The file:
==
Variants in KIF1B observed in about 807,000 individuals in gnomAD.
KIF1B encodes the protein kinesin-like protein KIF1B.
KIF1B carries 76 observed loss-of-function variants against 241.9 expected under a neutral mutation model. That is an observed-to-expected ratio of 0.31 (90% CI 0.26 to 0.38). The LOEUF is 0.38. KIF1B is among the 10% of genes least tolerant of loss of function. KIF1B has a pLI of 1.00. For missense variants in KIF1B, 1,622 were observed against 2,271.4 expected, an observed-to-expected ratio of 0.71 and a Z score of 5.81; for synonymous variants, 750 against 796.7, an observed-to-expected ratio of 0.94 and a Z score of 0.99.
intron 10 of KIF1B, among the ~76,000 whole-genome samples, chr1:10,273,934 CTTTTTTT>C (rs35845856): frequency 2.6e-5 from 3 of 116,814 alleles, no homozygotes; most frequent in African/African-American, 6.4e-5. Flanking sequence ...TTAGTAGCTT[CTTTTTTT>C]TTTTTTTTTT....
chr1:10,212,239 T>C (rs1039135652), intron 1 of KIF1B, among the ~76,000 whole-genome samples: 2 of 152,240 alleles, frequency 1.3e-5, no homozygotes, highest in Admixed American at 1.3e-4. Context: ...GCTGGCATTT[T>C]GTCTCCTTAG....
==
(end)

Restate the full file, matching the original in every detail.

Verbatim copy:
Variants in KIF1B observed in about 807,000 individuals in gnomAD.
KIF1B encodes the protein kinesin-like protein KIF1B.
KIF1B carries 76 observed loss-of-function variants against 241.9 expected under a neutral mutation model. That is an observed-to-expected ratio of 0.31 (90% CI 0.26 to 0.38). The LOEUF is 0.38. KIF1B is among the 10% of genes least tolerant of loss of function. KIF1B has a pLI of 1.00. For missense variants in KIF1B, 1,622 were observed against 2,271.4 expected, an observed-to-expected ratio of 0.71 and a Z score of 5.81; for synonymous variants, 750 against 796.7, an observed-to-expected ratio of 0.94 and a Z score of 0.99.
intron 10 of KIF1B, among the ~76,000 whole-genome samples, chr1:10,273,934 CTTTTTTT>C (rs35845856): frequency 2.6e-5 from 3 of 116,814 alleles, no homozygotes; most frequent in African/African-American, 6.4e-5. Flanking sequence ...TTAGTAGCTT[CTTTTTTT>C]TTTTTTTTTT....
chr1:10,212,239 T>C (rs1039135652), intron 1 of KIF1B, among the ~76,000 whole-genome samples: 2 of 152,240 alleles, frequency 1.3e-5, no homozygotes, highest in Admixed American at 1.3e-4. Context: ...GCTGGCATTT[T>C]GTCTCCTTAG....